6 Questions: Seattle Seahawks training camp preview

NFL

Seahawks open camp Thursday looking to build on successful 2018 season that finished 10-6 and another trip to the playoffs

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PORTLAND, Ore. (KOIN) — The Seattle Seahawks opened training camp at the Virginia Mason Athletic Center in Renton, Washington on Thursday. Rookies reported last week, with the veterans arriving a week later. As camp gets underway, here are six questions that need answers before the 2019 season kicks off on September 8 against the Cincinnati Bengals.

First up, the offense:

Which player will earn starting WR spot opposite veteran Tyler Lockett?

It’s strange to refer to Lockett as a veteran, since he’s entering just his fourth season in the NFL. But, he’s the unquestioned leader of the Seahawks wide receiver corp now that Doug Baldwin has retired because of injury. Baldwin hauled in 50 receptions and scored five touchdowns in 2018. Those aren’t irreplaceable numbers, but it’s the attention that Baldwin commanded that allowed the other receivers to flourish, namely Lockett. The third round pick out of Kansas State came into his own last season, leading the Seahawks with 57 catches, 10 of those resulting in a touchdown. While Baldwin missed time through injury, Jaron Brown and David Moore gained valuable experience. Combined, they equaled Lockett’s touchdown output. Look for one of the two to land a starting spot by the time the Seahawks break camp. If either or both drop the ball, rookie D.K. Melcalf has the talent to seize the opportunity.

Is the crowded Seahawks backfield a blessing or a curse?

Chris Carson, Rashaad Penny, J.D. McKissick, C.J. Prosise. The Seahawks backfield could be viewed as an embarrassment of riches by most NFL teams. But there are only enough footballs to go around, even in preseason. Carson is the undisputed leader and starter of this crowded backfield. Carson piled up 1,151 rushing yards last season, good enough for fifth-best in the NFL last season. Second-year pro Penny added another 419, and he starts camp as the backup. As a team, the Seahawks led the NFL in rushing with 160 yards per game. Both McKissick and Prosise have shown flashes in the past, and head coach Pete Carroll is a fan of both. It’s all about staying healthy for the latter pair. If they do, they have the talent to force Carroll’s hand and keep four running backs on the week one roster.

Which player will earn the backup QB job behind superstar Russell Wilson?

Wilson has started every game of his seven-year career. So, the backup quarterback position could be viewed as the least important on the Seahawks roster. But, injuries happen, even to the best of the best. And the Seahawks have taken out a couple of insurance policies on Wilson, just in case, in the form of veterans Paxton Lynch and Geno Smith. They are perhaps the best understudies the Seahawks have had on the roster in quite some time, at least in terms of experience. Both have spent time as starters, Lynch for the Broncos and Smith for the Jets. Both are also former first-round picks. However, the pair combined for just 49 pass attempts in 2018. This training camp battle will undoubtedly come down to which player gets a firm grasp of the offense the quickest.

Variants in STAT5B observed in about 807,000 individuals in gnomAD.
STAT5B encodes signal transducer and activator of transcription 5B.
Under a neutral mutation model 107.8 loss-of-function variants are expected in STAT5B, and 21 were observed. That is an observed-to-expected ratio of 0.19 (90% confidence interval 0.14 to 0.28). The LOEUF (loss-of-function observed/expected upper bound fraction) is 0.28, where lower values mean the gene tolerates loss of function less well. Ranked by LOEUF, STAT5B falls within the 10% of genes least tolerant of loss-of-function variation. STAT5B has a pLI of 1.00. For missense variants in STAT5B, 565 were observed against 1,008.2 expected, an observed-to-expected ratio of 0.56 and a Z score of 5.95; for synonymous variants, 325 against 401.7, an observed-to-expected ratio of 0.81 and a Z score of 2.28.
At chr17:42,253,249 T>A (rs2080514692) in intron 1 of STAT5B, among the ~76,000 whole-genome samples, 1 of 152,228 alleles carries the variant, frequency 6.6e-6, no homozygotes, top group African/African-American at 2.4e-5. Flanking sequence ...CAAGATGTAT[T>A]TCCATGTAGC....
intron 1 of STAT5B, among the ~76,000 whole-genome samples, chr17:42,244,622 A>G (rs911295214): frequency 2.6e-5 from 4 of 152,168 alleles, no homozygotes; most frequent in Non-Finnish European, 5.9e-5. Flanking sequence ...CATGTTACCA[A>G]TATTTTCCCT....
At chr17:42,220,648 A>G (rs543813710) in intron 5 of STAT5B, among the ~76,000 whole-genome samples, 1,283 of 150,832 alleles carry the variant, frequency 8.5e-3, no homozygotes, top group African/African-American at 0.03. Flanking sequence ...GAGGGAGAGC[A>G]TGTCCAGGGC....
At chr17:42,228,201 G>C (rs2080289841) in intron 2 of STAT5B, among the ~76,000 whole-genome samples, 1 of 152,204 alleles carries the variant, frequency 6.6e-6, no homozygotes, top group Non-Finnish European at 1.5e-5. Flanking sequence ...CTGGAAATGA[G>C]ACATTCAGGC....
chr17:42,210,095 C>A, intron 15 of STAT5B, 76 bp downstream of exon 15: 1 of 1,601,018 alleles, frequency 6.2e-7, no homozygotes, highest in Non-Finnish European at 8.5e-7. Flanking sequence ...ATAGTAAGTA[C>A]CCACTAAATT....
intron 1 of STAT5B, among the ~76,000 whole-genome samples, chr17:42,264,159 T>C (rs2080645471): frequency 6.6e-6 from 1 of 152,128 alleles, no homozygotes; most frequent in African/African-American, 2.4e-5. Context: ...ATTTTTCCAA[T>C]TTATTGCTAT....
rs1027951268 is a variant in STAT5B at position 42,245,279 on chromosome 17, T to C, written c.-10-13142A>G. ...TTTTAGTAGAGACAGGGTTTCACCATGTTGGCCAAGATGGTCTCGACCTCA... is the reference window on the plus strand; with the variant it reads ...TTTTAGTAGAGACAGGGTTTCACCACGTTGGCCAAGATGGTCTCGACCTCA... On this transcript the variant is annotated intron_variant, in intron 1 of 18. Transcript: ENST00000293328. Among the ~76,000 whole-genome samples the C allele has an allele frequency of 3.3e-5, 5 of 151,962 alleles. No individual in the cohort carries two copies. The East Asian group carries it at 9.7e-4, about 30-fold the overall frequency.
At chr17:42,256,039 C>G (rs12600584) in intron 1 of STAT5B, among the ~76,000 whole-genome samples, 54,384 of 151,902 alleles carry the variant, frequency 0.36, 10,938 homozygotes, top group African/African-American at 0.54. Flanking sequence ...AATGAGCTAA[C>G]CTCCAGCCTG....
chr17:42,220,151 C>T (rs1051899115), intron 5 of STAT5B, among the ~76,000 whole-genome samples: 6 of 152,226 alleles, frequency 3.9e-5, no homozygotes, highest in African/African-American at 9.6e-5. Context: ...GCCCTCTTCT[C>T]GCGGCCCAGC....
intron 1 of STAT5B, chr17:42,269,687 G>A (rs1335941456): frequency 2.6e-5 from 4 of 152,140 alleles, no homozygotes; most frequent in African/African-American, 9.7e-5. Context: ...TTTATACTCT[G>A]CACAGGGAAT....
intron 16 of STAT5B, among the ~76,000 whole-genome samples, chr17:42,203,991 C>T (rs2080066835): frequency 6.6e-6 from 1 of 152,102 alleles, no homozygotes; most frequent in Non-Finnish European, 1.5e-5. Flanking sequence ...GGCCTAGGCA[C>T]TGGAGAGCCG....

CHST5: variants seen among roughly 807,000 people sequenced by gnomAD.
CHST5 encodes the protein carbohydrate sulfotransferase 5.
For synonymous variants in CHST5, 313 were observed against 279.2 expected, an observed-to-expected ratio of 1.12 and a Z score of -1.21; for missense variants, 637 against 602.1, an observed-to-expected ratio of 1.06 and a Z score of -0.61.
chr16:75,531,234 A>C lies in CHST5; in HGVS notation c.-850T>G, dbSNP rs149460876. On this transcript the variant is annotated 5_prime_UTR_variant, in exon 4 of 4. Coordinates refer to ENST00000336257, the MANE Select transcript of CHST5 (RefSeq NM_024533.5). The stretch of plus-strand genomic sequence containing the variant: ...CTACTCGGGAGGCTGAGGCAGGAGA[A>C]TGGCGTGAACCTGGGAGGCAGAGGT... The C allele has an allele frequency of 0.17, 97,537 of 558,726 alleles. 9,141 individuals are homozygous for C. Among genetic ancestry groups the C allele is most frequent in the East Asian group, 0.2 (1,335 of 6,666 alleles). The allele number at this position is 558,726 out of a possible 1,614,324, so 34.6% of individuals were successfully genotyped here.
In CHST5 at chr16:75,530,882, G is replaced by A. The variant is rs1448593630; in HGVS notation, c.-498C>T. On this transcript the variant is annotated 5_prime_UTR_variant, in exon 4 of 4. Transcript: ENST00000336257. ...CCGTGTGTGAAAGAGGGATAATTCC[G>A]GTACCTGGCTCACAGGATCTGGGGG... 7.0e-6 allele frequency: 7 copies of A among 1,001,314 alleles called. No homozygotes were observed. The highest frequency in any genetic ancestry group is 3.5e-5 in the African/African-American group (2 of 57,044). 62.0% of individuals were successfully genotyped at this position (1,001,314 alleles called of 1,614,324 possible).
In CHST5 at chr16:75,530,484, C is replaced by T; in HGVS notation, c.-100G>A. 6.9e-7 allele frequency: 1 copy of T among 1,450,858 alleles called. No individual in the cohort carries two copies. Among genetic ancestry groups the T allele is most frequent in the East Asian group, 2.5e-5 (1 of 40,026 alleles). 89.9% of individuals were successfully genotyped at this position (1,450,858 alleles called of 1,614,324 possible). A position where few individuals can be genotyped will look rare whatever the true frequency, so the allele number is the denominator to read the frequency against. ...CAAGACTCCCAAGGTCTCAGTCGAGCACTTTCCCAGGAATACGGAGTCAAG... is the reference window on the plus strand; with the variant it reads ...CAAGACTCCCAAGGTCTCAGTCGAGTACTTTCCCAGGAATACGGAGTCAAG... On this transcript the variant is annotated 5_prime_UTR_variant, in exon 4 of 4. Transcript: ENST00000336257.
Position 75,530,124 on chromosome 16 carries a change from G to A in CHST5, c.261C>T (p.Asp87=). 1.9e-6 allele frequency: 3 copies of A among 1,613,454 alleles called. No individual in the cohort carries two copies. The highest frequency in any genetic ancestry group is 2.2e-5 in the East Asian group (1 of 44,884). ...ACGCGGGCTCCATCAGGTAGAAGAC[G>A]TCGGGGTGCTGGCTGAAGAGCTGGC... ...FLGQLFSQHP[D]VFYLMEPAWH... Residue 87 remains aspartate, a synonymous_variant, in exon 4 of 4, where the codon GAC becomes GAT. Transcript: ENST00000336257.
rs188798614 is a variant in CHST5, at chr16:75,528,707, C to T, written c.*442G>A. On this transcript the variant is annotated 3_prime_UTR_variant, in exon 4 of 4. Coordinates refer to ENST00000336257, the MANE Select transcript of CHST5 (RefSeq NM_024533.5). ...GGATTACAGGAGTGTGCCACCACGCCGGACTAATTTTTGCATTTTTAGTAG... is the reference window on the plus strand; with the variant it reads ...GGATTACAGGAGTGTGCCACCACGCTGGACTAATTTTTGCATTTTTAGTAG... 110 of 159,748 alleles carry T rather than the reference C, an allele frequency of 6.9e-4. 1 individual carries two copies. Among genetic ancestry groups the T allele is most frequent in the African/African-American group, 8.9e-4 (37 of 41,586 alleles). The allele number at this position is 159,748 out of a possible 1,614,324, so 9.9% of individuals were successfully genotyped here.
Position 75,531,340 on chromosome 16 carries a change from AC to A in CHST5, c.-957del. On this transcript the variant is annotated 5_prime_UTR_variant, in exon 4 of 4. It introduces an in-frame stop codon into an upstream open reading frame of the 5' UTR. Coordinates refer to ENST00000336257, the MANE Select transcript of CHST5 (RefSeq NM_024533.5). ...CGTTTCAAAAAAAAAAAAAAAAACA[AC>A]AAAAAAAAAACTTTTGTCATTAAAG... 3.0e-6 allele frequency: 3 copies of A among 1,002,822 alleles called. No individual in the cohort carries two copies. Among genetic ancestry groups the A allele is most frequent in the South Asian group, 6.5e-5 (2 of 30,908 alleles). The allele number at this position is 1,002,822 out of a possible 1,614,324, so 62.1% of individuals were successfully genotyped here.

And now, the defense:

Can K.J. Wright bounce back from an injury-plagued 2018?

Five games and just 15 solo tackles for Wright in 2018. That’s a disappointing return for the 2016 Pro Bowl linebacker. But you could chalk up that lack of production to injury. Wright hurt his knee in 2018’s final preseason game, had surgery and missed the first six games of the regular season. Further complications with the same knee caused him to miss even more time toward the end of the campaign. Still, the Seahawks had enough faith in him to sign Wright to a 2-year, $15.5 million contract extension. One reason for that faith, besides his undeniable talent, is his durability. Wright had a streak of 53 straight starts that ended prior to Week 15 of the 2017 season because of a back injury.

How much of a distraction is Bobby Wagner’s contract situation?

Wright told reporters on the opening day of camp that he believed Wagner and the Seahawks were close to coming to a contract agreement. Wagner reported, but did not participate, choosing to protect his health until a deal can be reached. Wagner wants to be the highest paid linebacker in the league, equally or topping the $17 million per-year average that the New York Jets gave linebacker C.J. Mosley. Wagner is entering the last year of his current four-year contract, which will see him earn $10.5 million in base salary. Wagner and his teammates seem relaxed about the situation. But the more time that passes without a deal being reached, the more the tension will rise at camp. He is, undoubtedly, the best defensive player on the Seahawks roster and among the best in the entire NFL.

Can the defensive line thrive during Jarran Reed’s six-game suspension?

Reed learned his appeal of a six-game suspension following a domestic violence investigation by the NFL had been denied on the eve of training camp. He was never arrested or charged, but the league had to have felt it found something to justify and then uphold the suspension. As a result, the Seahawks signed former 49ers defensive lineman Earl Mitchell to bolster the depth chart. Mitchell started 28 games for the Niners over the past two seasons, but did not record a sack. Contrast that to Reed, who registered 10.5 sacks last season. Add to that, the departure of Frank Clark via trade to the Kansas City Chiefs, and the Seahawks pass rush could be non-existent to start the season. Look for first round pick, defensive end L.J. Collier, to get an extended look in preseason. If he can generate a decent pass-rush, the Seahawks might be able to survive, perhaps even thrive, during Reed’s absence.

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